Following a number of early studies outside of economics, including spectral analysis, Clive investigated causality using the operational concept of changes in predictability induced by removing variables from the joint distribution of observables. This notion of prima facie causality (generally called Granger causality) stimulated interest in many disciplines, including philosophy, and remains widely used in empirical studies. Clive also kept the theory of economic forecasting alive during its darkest period, when few professional economists regarded the topic as a serious one. Beginning with the discovery that combinations of forecasts could outperform their constituents, Clive then wrote a series of papers on forecasting in joint research with Paul Newbold that remains highly pertinent, and which led to their much-used book, Forecasting Economic Time Series (Academic Press, 1977). En route, they also criticized empirical econometric studies where R2 > DW (‘nonsense’ regressions induced by unmodelled unit roots, correcting which was a step towards cointegration), an early manifestation of Clive's long-term research agenda of improving the quality of econometric model building by a better match with the empirical evidence. Unit-root non-stationarity was always one of Clive's particular interests, linked to the behaviour of financial prices, and cointegration is the obverse of common ‘stochastic trends’, where a set of variables is driven by a smaller set of processes with unit roots. The Granger representation theorem shows that when variables are connected by a smaller number of cointegrating relations the joint process cannot be stationary. This explained the prevalence of unit roots in economic time series, and linked economic equilibria with equilibrium correction models, stimulating an explosion in empirical applications. His innovative research into long-memory models with Roselyne Joyeux also opened a major new area, which has seen huge advances since, as did his early ideas on non-linear models, related to Rob Engle's development of autoregressive conditional heteroskedasticity (ARCH), subsequently followed up in extensive research with Timo Tërasvirta.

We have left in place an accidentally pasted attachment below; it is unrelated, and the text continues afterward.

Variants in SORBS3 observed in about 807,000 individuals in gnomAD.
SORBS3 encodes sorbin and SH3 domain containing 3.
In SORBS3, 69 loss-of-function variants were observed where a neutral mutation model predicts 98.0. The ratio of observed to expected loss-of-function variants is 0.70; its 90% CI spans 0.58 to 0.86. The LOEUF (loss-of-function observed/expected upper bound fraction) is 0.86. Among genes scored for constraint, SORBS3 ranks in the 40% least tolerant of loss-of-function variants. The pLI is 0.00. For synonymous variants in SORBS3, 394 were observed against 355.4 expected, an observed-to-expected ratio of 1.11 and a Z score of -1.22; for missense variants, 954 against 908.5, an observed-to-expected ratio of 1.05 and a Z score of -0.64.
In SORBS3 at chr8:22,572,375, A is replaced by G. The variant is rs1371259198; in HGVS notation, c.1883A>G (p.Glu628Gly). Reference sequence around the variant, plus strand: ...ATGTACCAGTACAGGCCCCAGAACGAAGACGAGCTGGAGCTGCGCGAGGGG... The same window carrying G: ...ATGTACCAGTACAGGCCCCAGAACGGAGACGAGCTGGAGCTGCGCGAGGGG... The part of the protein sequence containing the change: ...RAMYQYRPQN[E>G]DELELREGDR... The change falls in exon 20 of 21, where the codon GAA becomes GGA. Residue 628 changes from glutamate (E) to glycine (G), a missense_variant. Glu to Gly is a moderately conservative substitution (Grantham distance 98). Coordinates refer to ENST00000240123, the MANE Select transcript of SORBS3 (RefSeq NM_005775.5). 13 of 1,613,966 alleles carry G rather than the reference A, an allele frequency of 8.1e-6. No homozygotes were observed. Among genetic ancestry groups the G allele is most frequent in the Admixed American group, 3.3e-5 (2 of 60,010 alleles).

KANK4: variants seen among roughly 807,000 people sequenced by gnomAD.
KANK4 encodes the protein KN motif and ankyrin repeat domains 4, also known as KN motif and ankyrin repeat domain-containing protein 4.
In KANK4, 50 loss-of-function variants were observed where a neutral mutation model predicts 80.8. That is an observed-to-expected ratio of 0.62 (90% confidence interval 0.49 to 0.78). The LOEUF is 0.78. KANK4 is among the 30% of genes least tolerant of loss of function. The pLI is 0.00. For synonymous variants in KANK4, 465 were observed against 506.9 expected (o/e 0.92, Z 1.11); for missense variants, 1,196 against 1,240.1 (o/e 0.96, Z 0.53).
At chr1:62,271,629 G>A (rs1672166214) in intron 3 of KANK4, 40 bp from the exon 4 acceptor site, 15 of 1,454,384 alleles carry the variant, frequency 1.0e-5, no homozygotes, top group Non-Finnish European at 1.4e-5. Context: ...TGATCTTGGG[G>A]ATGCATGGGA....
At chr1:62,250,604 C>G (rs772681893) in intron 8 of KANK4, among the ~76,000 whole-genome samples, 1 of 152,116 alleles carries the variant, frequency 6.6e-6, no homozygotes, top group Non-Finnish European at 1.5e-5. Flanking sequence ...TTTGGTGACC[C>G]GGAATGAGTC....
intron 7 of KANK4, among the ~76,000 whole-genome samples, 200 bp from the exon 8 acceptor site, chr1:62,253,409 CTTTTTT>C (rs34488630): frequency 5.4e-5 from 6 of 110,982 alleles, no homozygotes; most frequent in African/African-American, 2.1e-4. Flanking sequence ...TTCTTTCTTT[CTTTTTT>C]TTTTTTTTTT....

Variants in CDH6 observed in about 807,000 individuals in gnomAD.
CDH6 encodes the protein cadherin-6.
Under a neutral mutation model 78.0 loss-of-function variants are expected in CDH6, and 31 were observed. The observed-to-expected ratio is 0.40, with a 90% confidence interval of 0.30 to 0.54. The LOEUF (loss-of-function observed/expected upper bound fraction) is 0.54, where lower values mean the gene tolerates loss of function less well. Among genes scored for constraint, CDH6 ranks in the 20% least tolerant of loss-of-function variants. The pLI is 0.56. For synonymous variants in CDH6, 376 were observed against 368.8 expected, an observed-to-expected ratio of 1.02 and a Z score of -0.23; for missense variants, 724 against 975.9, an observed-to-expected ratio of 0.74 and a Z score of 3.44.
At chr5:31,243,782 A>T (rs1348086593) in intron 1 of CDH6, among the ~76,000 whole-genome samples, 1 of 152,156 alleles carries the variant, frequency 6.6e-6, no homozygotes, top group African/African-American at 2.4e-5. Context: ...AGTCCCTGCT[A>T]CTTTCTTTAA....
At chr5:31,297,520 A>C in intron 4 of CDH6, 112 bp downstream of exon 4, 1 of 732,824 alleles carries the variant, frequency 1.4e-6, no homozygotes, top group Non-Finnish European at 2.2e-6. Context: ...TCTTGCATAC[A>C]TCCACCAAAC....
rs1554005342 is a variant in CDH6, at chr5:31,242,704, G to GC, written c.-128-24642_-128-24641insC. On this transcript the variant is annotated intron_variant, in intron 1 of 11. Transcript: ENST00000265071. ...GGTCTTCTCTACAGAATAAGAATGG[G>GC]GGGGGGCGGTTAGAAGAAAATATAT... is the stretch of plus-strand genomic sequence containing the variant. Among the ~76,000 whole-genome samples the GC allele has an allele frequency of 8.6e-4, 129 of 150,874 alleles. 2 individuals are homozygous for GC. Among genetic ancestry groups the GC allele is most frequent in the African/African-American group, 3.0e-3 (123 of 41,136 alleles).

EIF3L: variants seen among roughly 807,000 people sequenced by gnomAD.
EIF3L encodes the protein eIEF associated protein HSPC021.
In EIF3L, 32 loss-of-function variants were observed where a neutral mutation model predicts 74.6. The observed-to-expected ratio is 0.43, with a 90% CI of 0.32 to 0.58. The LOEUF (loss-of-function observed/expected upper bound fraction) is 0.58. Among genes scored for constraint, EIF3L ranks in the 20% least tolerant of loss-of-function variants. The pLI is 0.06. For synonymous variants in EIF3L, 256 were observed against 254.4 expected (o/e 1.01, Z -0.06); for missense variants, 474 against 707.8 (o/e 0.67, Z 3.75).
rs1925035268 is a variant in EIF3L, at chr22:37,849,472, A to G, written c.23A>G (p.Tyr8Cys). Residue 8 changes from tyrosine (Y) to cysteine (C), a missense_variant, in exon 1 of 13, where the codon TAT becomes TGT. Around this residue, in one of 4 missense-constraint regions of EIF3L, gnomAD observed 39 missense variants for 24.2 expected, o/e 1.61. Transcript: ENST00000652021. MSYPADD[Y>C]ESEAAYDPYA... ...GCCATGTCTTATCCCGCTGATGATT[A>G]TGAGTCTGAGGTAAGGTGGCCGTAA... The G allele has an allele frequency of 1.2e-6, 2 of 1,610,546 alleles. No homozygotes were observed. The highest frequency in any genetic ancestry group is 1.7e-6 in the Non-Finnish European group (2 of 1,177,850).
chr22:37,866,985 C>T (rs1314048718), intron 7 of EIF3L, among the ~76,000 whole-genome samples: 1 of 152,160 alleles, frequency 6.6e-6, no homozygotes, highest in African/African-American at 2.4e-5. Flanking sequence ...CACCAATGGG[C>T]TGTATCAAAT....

Clive supervised a huge number of successful doctoral students, and was always ready to discuss the ideas of others constructively. He also delighted in collaborating with other researchers and had almost 90 different co-authors. Clive had a deep interest in applied problems, and was far more concerned with finding practical solutions to them than developing statistical tools for their own sake. Even cointegration arose as a solution to validly modelling the levels of economic time series rather than being ‘just another estimator’. His Nobel Prize autobiography (http://nobelprize.org/nobel_prizes/economics/laureates/2003/granger-autobio.html) reflects his kindness, generosity of spirit and humility: an unassuming gentleman and an honoured knight, who made little of his great distinction.

Clive married Patricia Loveland in 1960 when at Princeton, and is survived by Pat, their son Mark and daughter Claire, and a grandson Luke.

  • 1

    Although Granger is also famous for what has come to be known as the ‘Granger non-causality’ test, more recently he increasingly favoured the concept of ‘causality in the long run’, which he published in Econometric Theory in 1995, jointly with Jun-Lung Lin.